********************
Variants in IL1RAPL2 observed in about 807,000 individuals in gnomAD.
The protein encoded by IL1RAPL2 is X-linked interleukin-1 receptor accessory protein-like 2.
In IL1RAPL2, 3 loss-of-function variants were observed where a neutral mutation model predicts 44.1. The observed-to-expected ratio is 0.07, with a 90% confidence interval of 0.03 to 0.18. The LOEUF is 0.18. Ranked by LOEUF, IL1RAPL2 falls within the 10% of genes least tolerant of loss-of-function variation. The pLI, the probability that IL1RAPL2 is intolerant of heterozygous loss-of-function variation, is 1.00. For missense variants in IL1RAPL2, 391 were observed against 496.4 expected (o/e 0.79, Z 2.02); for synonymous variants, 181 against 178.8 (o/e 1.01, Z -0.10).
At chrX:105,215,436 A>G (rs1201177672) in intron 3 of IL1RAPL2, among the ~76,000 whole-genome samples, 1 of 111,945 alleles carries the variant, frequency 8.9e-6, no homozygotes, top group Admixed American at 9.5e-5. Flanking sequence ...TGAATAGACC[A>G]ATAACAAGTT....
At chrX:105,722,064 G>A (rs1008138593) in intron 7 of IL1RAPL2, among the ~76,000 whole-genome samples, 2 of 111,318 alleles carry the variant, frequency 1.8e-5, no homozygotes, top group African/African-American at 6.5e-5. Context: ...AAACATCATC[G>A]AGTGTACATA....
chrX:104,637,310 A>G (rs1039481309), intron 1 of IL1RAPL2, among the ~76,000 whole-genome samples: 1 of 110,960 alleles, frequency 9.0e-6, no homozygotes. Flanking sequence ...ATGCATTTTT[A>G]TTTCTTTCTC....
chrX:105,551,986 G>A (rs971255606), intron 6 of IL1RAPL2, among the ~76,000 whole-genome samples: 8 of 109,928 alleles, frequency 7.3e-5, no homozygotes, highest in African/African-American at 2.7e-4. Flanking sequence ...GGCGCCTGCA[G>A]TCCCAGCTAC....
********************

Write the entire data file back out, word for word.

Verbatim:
Variants in IL1RAPL2 observed in about 807,000 individuals in gnomAD.
The protein encoded by IL1RAPL2 is X-linked interleukin-1 receptor accessory protein-like 2.
In IL1RAPL2, 3 loss-of-function variants were observed where a neutral mutation model predicts 44.1. The observed-to-expected ratio is 0.07, with a 90% confidence interval of 0.03 to 0.18. The LOEUF is 0.18. Ranked by LOEUF, IL1RAPL2 falls within the 10% of genes least tolerant of loss-of-function variation. The pLI, the probability that IL1RAPL2 is intolerant of heterozygous loss-of-function variation, is 1.00. For missense variants in IL1RAPL2, 391 were observed against 496.4 expected (o/e 0.79, Z 2.02); for synonymous variants, 181 against 178.8 (o/e 1.01, Z -0.10).
At chrX:105,215,436 A>G (rs1201177672) in intron 3 of IL1RAPL2, among the ~76,000 whole-genome samples, 1 of 111,945 alleles carries the variant, frequency 8.9e-6, no homozygotes, top group Admixed American at 9.5e-5. Flanking sequence ...TGAATAGACC[A>G]ATAACAAGTT....
At chrX:105,722,064 G>A (rs1008138593) in intron 7 of IL1RAPL2, among the ~76,000 whole-genome samples, 2 of 111,318 alleles carry the variant, frequency 1.8e-5, no homozygotes, top group African/African-American at 6.5e-5. Context: ...AAACATCATC[G>A]AGTGTACATA....
chrX:104,637,310 A>G (rs1039481309), intron 1 of IL1RAPL2, among the ~76,000 whole-genome samples: 1 of 110,960 alleles, frequency 9.0e-6, no homozygotes. Flanking sequence ...ATGCATTTTT[A>G]TTTCTTTCTC....
chrX:105,551,986 G>A (rs971255606), intron 6 of IL1RAPL2, among the ~76,000 whole-genome samples: 8 of 109,928 alleles, frequency 7.3e-5, no homozygotes, highest in African/African-American at 2.7e-4. Flanking sequence ...GGCGCCTGCA[G>A]TCCCAGCTAC....